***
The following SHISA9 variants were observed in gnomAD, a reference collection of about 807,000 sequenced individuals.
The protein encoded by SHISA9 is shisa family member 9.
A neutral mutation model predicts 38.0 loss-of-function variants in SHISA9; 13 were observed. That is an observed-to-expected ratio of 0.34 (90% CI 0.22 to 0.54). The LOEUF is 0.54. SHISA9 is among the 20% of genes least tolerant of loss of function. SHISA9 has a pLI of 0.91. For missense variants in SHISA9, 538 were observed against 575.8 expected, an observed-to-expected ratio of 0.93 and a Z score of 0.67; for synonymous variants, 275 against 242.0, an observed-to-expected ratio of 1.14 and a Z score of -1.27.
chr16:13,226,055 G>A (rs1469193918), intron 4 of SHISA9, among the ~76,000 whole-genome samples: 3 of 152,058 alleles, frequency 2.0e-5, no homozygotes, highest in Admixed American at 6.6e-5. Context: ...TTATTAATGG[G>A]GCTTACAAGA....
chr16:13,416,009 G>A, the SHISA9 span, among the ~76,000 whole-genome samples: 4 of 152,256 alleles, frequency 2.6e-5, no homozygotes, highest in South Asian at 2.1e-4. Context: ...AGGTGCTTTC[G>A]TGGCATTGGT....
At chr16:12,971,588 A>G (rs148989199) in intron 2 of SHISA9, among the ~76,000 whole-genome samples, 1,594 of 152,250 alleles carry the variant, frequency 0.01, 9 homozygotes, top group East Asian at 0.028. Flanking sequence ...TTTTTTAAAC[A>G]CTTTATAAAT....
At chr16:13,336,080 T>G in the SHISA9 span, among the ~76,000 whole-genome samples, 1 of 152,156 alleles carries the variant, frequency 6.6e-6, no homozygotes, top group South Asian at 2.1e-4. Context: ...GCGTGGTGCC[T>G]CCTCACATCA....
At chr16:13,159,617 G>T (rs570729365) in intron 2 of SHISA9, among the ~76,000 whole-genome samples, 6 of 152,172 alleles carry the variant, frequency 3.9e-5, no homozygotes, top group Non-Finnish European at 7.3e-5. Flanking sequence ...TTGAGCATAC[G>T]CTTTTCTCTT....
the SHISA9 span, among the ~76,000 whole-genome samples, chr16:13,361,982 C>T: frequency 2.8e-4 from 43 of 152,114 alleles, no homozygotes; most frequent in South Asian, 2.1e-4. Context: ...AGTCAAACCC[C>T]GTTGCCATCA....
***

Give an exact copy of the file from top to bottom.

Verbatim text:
The following SHISA9 variants were observed in gnomAD, a reference collection of about 807,000 sequenced individuals.
The protein encoded by SHISA9 is shisa family member 9.
A neutral mutation model predicts 38.0 loss-of-function variants in SHISA9; 13 were observed. That is an observed-to-expected ratio of 0.34 (90% CI 0.22 to 0.54). The LOEUF is 0.54. SHISA9 is among the 20% of genes least tolerant of loss of function. SHISA9 has a pLI of 0.91. For missense variants in SHISA9, 538 were observed against 575.8 expected, an observed-to-expected ratio of 0.93 and a Z score of 0.67; for synonymous variants, 275 against 242.0, an observed-to-expected ratio of 1.14 and a Z score of -1.27.
chr16:13,226,055 G>A (rs1469193918), intron 4 of SHISA9, among the ~76,000 whole-genome samples: 3 of 152,058 alleles, frequency 2.0e-5, no homozygotes, highest in Admixed American at 6.6e-5. Context: ...TTATTAATGG[G>A]GCTTACAAGA....
chr16:13,416,009 G>A, the SHISA9 span, among the ~76,000 whole-genome samples: 4 of 152,256 alleles, frequency 2.6e-5, no homozygotes, highest in South Asian at 2.1e-4. Context: ...AGGTGCTTTC[G>A]TGGCATTGGT....
At chr16:12,971,588 A>G (rs148989199) in intron 2 of SHISA9, among the ~76,000 whole-genome samples, 1,594 of 152,250 alleles carry the variant, frequency 0.01, 9 homozygotes, top group East Asian at 0.028. Flanking sequence ...TTTTTTAAAC[A>G]CTTTATAAAT....
At chr16:13,336,080 T>G in the SHISA9 span, among the ~76,000 whole-genome samples, 1 of 152,156 alleles carries the variant, frequency 6.6e-6, no homozygotes, top group South Asian at 2.1e-4. Context: ...GCGTGGTGCC[T>G]CCTCACATCA....
At chr16:13,159,617 G>T (rs570729365) in intron 2 of SHISA9, among the ~76,000 whole-genome samples, 6 of 152,172 alleles carry the variant, frequency 3.9e-5, no homozygotes, top group Non-Finnish European at 7.3e-5. Flanking sequence ...TTGAGCATAC[G>T]CTTTTCTCTT....
the SHISA9 span, among the ~76,000 whole-genome samples, chr16:13,361,982 C>T: frequency 2.8e-4 from 43 of 152,114 alleles, no homozygotes; most frequent in South Asian, 2.1e-4. Context: ...AGTCAAACCC[C>T]GTTGCCATCA....